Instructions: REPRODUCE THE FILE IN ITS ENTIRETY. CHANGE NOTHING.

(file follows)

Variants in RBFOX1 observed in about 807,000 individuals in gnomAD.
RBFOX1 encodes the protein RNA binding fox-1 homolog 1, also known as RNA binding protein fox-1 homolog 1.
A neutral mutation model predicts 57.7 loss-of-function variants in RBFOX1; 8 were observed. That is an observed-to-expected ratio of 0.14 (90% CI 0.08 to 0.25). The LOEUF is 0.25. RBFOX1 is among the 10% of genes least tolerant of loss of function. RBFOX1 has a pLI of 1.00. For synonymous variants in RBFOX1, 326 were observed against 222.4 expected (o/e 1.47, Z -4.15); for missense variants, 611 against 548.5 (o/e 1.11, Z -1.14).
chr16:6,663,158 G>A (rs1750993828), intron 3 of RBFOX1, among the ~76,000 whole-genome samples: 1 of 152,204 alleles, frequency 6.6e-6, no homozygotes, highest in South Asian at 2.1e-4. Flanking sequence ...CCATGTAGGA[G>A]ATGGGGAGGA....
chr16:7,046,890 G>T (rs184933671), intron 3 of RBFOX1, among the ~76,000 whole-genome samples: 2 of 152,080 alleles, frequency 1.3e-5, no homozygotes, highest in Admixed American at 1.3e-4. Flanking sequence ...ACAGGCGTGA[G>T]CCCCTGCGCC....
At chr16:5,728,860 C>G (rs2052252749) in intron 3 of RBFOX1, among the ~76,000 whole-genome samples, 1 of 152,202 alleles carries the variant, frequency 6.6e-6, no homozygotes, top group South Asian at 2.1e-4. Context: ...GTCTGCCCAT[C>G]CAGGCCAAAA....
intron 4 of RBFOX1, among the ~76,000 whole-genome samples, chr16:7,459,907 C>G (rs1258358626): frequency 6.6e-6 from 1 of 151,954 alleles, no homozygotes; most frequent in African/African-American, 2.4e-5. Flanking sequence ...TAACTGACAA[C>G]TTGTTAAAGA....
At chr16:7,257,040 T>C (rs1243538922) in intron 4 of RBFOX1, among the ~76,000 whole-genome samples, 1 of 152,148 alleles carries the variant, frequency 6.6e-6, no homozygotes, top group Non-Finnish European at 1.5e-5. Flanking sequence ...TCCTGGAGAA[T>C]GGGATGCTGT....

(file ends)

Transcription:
Variants in RBFOX1 observed in about 807,000 individuals in gnomAD.
RBFOX1 encodes the protein RNA binding fox-1 homolog 1, also known as RNA binding protein fox-1 homolog 1.
A neutral mutation model predicts 57.7 loss-of-function variants in RBFOX1; 8 were observed. That is an observed-to-expected ratio of 0.14 (90% CI 0.08 to 0.25). The LOEUF is 0.25. RBFOX1 is among the 10% of genes least tolerant of loss of function. RBFOX1 has a pLI of 1.00. For synonymous variants in RBFOX1, 326 were observed against 222.4 expected (o/e 1.47, Z -4.15); for missense variants, 611 against 548.5 (o/e 1.11, Z -1.14).
chr16:6,663,158 G>A (rs1750993828), intron 3 of RBFOX1, among the ~76,000 whole-genome samples: 1 of 152,204 alleles, frequency 6.6e-6, no homozygotes, highest in South Asian at 2.1e-4. Flanking sequence ...CCATGTAGGA[G>A]ATGGGGAGGA....
chr16:7,046,890 G>T (rs184933671), intron 3 of RBFOX1, among the ~76,000 whole-genome samples: 2 of 152,080 alleles, frequency 1.3e-5, no homozygotes, highest in Admixed American at 1.3e-4. Flanking sequence ...ACAGGCGTGA[G>T]CCCCTGCGCC....
At chr16:5,728,860 C>G (rs2052252749) in intron 3 of RBFOX1, among the ~76,000 whole-genome samples, 1 of 152,202 alleles carries the variant, frequency 6.6e-6, no homozygotes, top group South Asian at 2.1e-4. Context: ...GTCTGCCCAT[C>G]CAGGCCAAAA....
intron 4 of RBFOX1, among the ~76,000 whole-genome samples, chr16:7,459,907 C>G (rs1258358626): frequency 6.6e-6 from 1 of 151,954 alleles, no homozygotes; most frequent in African/African-American, 2.4e-5. Flanking sequence ...TAACTGACAA[C>G]TTGTTAAAGA....
At chr16:7,257,040 T>C (rs1243538922) in intron 4 of RBFOX1, among the ~76,000 whole-genome samples, 1 of 152,148 alleles carries the variant, frequency 6.6e-6, no homozygotes, top group Non-Finnish European at 1.5e-5. Flanking sequence ...TCCTGGAGAA[T>C]GGGATGCTGT....